Emotions ran high when karate champion Ayesha Noor spoke about how she struggled against the odds to become an karate champion during a seminar titled “Campus to Corporate held at the Aliah University organised by Association of Muslim Professionals. Ayesha is battling epilepsy and poverty to teach self-defense to underprivileged girls and women.In a documentary, titled, Girl Connected, Ayesha’s story featured along with four other teenage girls from Kenya, Jordan, Bangladesh and Peru, all of them trying to fight gender discrimination in their own way. This film was screened at Los Angeles. American government has honoured her with “Hero For Gender Equality,” award .After winning two golds at national events in 2012, Ayesha was selected for the Thai Pitchai International Youth Karate Championship in 2013. She was the only girl in the 12-member Indian team. She struck gold, beating out rivals from 40 different countries.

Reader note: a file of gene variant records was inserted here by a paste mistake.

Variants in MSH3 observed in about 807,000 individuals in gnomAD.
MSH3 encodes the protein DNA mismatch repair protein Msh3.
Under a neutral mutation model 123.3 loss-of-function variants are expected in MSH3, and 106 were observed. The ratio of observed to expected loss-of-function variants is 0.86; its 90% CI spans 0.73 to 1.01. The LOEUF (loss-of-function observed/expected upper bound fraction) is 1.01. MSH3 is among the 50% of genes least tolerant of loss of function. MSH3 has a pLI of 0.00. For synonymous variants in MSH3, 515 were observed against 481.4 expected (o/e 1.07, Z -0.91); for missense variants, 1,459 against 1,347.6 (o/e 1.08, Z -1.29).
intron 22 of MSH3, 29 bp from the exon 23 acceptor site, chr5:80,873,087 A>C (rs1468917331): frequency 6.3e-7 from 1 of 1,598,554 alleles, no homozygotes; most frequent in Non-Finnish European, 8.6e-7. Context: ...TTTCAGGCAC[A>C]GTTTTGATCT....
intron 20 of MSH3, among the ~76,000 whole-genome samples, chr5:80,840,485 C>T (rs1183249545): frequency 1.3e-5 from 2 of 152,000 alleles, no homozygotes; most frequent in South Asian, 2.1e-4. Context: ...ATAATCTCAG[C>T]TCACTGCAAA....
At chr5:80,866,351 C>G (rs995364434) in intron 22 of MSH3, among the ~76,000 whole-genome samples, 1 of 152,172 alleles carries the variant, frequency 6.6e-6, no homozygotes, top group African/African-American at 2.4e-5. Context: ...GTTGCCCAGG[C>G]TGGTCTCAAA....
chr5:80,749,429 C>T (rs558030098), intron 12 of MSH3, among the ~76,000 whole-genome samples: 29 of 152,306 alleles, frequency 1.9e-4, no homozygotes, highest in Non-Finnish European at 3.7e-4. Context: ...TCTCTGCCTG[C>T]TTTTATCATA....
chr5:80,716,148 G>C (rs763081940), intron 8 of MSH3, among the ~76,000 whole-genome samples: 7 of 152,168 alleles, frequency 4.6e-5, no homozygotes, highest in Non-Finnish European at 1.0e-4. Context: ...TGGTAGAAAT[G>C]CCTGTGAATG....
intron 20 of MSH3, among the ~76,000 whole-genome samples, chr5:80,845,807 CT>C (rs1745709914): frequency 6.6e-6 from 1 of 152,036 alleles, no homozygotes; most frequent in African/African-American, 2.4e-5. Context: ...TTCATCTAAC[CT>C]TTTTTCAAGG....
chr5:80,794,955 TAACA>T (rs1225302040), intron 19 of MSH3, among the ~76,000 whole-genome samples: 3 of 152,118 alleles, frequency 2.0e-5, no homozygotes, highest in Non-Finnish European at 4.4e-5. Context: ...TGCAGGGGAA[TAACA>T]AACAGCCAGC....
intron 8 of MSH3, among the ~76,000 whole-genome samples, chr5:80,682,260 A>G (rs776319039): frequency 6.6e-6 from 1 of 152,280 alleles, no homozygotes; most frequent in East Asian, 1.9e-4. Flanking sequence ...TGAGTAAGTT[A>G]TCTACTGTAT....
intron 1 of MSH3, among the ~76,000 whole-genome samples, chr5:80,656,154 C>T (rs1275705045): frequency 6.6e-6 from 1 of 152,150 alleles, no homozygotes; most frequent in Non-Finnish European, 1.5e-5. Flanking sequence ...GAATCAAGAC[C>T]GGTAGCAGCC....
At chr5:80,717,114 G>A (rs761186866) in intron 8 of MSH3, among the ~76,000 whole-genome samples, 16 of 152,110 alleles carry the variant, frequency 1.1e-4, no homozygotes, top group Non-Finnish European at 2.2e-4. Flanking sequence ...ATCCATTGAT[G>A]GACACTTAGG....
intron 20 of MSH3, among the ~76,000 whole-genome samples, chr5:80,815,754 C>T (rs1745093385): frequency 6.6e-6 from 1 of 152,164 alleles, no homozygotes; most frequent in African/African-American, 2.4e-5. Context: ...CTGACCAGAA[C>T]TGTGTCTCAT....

190 students from various streams participated in the seminar. Mr Ayaz Shafi, Mr Shaheed Ahmed, Dr Md Azharuddin, Mr Monirul Alam, Mr Mohd Naqui , GM , WBMDFC were present at the event.
Association of Muslim Professionals (AMP) tries to reach students in the remotest areas across the country through Skill Development Lectures as well as Employability training Program (ETP). It is one of AMP’s main Flagship Projects that has been the most impactful & beneficial as well.
Ayesha tried to motivate students by giving her own example, and how she achieved her goals with perseverance and hard work in spite of financial constraints and health problems.
“It has been a struggle. Her father died, her mother sews for a living. Food at home is short.Poverty could not dominate this girl from her Talent.” said M A Ali her coach.It is a matter of regret that not a single help has come from the central or the state government.
Ayesha message was clear . If she can overcome adversities and be successful, each and every student had the potential to do it. One just needs to have faith in themselves.